March 15, 2022
While the City burns through our tax dollars at a rate of over $50k for a single bed in a bridge shelter or up to $1M for a single unit of HHH housing, private co-living operators like PodShare create affordable housing options in high-rent cities, where 50 square foot private bunks – including materials, labor, mattresses, private televisions with digital subscriptions, night lights, electrical outlets, and stair cases – cost a mere $2,500 to build.
PodShare operates under a concept called “membership housing,” which gives residents access to all locations across California, much like a gym membership. It is amenity-rich, and rent includes housekeeping, utilities, WiFi, food, storage, toiletries, laundry, computers with creative tools, outdoor spaces, and conference rooms. PodShare doesn’t require proof of income or security deposits, making it accessible to people without regard to their credit rating or ability to pay first and last month rent up front.
Some people use PodShare as transitional housing, but others make it home for years. From full time college students, to those who recently moved to the area or are between apartments, I’ve met some fascinating people there. They even take referrals from Housing Works, SPY, and HOPICS to provide housing for those who are homeless or at risk of becoming homeless.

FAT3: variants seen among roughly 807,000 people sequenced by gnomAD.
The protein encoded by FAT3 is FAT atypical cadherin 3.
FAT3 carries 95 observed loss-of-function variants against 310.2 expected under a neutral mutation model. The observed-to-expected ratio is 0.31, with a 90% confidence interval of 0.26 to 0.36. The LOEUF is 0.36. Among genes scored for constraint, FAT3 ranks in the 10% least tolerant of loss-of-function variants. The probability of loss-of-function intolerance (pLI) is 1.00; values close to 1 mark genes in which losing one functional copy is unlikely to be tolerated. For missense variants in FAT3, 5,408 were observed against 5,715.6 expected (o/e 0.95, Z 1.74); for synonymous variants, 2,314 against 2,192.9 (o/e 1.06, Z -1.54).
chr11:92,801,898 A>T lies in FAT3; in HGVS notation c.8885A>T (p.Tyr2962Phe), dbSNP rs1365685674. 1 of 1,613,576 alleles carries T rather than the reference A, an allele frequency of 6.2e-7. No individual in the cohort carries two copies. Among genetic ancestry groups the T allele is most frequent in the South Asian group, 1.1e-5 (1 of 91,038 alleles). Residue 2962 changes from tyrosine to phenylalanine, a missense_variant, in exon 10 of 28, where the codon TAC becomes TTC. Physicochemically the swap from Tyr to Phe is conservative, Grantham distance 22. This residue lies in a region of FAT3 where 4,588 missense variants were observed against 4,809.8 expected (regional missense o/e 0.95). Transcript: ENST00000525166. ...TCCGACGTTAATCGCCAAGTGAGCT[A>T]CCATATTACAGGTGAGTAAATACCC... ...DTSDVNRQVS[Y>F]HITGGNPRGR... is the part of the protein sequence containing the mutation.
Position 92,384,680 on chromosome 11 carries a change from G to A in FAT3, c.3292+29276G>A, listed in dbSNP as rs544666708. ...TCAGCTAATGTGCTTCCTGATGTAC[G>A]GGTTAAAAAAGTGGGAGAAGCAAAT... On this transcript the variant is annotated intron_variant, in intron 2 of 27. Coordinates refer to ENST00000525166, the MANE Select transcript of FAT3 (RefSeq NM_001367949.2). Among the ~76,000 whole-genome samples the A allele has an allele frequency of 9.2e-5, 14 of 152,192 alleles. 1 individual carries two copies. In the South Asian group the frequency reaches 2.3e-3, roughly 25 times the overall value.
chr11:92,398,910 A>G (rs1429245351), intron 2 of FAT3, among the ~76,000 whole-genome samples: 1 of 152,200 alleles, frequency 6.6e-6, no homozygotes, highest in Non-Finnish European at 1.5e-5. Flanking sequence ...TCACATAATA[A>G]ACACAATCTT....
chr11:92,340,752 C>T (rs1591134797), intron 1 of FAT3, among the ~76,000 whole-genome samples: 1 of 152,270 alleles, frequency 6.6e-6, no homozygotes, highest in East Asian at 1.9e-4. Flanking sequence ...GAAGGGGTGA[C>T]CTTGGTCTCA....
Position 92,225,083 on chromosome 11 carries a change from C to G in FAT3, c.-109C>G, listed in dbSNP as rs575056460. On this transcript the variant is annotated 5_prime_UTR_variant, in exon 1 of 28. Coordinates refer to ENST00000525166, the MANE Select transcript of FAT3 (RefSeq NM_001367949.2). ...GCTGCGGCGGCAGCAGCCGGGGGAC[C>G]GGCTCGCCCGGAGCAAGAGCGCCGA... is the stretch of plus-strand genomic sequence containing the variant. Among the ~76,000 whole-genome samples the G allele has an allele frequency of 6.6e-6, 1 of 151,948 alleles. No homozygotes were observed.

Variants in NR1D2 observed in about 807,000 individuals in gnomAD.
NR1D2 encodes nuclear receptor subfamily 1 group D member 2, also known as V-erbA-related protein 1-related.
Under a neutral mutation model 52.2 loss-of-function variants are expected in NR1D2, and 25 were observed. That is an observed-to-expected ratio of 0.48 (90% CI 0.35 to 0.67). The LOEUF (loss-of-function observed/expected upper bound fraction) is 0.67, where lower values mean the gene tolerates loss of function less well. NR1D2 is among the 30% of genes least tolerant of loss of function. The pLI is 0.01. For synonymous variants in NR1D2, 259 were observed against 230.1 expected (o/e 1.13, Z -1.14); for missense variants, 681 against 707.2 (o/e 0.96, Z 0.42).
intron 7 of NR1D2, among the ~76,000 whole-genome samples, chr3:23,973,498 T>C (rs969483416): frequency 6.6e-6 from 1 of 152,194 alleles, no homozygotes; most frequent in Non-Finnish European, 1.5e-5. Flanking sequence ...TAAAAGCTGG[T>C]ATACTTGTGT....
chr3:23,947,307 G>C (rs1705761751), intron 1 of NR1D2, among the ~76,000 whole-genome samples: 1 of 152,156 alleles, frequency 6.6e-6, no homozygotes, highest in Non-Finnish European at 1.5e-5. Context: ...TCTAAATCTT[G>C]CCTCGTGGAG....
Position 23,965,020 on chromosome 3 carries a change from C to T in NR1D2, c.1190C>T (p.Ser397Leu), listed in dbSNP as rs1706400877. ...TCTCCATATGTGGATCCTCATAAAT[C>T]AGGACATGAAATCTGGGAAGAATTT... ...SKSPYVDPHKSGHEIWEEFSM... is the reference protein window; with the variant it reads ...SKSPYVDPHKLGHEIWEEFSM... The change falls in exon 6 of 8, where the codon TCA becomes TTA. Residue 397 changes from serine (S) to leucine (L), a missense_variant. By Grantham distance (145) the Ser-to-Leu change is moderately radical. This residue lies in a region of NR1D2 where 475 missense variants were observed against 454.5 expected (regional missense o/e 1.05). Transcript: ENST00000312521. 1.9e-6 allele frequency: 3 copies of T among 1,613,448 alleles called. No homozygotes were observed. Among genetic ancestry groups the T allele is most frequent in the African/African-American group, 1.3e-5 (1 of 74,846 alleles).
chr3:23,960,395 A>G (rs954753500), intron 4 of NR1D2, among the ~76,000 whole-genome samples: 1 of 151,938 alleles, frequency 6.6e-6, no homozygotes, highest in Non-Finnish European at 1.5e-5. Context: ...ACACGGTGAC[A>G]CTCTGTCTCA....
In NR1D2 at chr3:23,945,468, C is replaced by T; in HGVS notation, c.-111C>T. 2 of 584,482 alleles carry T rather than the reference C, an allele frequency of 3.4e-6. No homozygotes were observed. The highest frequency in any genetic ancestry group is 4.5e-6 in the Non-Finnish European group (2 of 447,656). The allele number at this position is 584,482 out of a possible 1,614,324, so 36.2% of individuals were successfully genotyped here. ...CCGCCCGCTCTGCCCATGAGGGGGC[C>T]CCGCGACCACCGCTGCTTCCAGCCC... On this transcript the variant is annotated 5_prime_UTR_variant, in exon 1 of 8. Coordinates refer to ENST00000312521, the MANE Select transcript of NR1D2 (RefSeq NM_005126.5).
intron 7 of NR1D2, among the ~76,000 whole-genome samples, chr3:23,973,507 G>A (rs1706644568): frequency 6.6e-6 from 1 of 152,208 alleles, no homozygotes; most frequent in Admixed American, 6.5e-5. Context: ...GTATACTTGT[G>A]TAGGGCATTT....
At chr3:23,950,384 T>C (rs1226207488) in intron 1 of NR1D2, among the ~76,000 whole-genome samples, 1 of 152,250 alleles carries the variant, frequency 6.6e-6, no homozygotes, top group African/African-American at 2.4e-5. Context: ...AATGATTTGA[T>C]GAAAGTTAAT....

Although shared housing has been around for years, our City has largely shunned the concept.
PodShare is also an excellent example of adaptive reuse of existing infrastructure. The Venice location is in a 4,000 square foot former church that now houses 50 people. To avoid taking residential property off the market, PodShare exclusively uses commercial and retail properties, warehouses, and office spaces.
With barbeques and resident dinners to comedy nights, musical performances, and other events, PodShare not only creates its own community, it actually invites local neighbors in to participate. PodShare redefines the concept of what it means to be “home,” and the thousands of people who’ve stayed there overwhelmingly love it.
Although shared housing has been around for years, our City has largely shunned the concept. PodShare isn’t right for everyone, but it’s an innovative idea that could be scaled up to help the thousands of individuals who need a safe and welcoming place to stay.
I’m doing my best to get creative and help more people find a place to call home.